The smoking ban has not only improved air quality in Irish pubs but also appears to have improved the quality of the music, according to doctors in a letter to this week's BMJ.
The pub session (or seisiún in Gaelic), where musicians gather to play traditional music together, is commonplace throughout bars in Ireland, write John Garvey and colleagues. Instruments include the accordion, concertina, melodeon and Uilleann (or Irish) bagpipes, all of which are bellows-driven instruments.
There is, they say, anecdotal evidence that the interiors of accordions played regularly in smoke-filled environments are dirtied as a result of the trapping of contaminant particles circulating in the air as it filters through the instrument.
So they conducted a telephone survey of all workers involved in the cleaning, repair, maintenance, and renovation of accordions in the Republic of Ireland. They managed to contact six out of seven such workers.
All participants pointed out that a strong smell of cigarette smoke emanated from accordions played in a smoke-filled environment when they are opened. Soot-like dirt is also deposited throughout the instrument but particularly where air enters the bellows through the air inlet valve and on the reeds.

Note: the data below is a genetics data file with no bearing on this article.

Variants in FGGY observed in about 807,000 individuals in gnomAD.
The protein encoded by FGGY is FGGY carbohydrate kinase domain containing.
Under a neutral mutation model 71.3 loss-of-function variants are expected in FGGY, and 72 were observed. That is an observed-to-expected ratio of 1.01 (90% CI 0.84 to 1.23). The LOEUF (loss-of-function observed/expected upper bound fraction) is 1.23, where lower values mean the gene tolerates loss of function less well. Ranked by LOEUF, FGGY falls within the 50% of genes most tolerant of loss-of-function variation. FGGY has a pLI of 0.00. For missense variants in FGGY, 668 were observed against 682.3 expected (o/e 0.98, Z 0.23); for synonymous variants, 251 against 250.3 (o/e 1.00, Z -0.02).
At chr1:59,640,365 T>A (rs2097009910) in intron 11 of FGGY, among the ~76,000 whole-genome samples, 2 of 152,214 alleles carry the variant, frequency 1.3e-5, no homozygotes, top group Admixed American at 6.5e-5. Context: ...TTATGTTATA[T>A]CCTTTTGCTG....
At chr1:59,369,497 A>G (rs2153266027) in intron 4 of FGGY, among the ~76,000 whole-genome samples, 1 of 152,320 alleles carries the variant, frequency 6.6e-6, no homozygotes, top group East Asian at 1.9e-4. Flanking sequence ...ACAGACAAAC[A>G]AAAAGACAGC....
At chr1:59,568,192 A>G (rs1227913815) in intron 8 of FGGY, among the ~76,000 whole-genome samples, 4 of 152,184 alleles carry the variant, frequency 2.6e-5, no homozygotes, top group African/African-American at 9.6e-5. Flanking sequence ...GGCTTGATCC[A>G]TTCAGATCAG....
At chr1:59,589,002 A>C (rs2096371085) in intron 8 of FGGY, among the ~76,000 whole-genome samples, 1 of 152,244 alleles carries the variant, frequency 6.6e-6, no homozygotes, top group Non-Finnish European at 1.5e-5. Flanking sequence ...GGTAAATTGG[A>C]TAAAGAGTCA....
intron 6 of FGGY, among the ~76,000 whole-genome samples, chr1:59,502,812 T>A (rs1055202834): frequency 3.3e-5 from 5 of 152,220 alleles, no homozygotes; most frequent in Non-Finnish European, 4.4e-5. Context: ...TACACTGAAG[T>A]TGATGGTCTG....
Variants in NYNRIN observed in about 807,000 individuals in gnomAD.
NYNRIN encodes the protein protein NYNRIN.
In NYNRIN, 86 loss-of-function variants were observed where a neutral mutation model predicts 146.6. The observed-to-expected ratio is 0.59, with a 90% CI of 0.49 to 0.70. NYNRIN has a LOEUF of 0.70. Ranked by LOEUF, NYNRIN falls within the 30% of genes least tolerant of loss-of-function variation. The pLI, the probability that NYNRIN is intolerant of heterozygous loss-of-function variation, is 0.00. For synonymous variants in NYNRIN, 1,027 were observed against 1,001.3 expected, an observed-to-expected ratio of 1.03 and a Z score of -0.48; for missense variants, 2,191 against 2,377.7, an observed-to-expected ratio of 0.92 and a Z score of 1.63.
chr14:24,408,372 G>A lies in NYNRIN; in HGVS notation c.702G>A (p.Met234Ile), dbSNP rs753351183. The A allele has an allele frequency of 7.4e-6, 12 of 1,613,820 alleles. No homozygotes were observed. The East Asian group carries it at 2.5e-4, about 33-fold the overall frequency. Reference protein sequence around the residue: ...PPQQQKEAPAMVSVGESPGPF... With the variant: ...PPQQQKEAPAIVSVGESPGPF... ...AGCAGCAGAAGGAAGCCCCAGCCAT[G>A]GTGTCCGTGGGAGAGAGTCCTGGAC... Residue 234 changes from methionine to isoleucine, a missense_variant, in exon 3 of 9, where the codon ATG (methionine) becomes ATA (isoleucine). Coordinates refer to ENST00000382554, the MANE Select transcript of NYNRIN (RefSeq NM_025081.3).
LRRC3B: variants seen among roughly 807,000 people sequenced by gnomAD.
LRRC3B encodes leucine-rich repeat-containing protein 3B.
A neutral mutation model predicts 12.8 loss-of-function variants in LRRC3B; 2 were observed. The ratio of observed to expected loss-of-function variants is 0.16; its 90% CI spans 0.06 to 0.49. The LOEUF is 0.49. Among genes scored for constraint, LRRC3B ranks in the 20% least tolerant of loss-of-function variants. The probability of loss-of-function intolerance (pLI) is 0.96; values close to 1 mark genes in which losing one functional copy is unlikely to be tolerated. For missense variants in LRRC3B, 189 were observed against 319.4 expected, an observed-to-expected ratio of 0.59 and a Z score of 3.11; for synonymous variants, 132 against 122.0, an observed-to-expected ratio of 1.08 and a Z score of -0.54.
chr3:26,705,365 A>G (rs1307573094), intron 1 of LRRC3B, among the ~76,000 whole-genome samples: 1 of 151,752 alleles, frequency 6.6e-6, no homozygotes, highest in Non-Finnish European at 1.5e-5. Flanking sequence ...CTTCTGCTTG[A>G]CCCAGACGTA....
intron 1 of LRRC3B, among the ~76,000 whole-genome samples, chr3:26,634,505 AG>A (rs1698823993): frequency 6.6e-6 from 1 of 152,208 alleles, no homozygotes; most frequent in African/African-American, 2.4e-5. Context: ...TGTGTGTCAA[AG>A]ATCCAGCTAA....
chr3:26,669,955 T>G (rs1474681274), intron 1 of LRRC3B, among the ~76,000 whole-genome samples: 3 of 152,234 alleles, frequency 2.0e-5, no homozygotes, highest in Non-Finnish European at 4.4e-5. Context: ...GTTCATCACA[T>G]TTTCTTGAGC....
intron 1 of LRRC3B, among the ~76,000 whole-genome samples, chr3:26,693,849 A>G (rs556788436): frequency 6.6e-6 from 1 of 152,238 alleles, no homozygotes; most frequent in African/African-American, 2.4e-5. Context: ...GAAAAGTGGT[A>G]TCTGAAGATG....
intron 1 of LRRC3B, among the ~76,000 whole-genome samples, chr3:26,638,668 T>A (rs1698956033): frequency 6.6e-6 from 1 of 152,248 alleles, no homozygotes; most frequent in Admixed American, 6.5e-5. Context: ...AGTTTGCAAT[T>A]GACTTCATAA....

One repairer commented that the deposition of dirt could be substantial enough to affect the pitch of the reed. Two others claimed that if a musician tended to play in a particular key, that this could be determined from the distribution of dirt around particular reeds.
All who were questioned stated categorically that these signs had definitely improved in accordions they had worked on since the introduction of the smoking ban in Ireland.
The authors conclude: "Our results provide further evidence that the smoking ban has improved air quality in Irish bars and its implementation in the face of initial opposition has been music to the ears of the people of Ireland."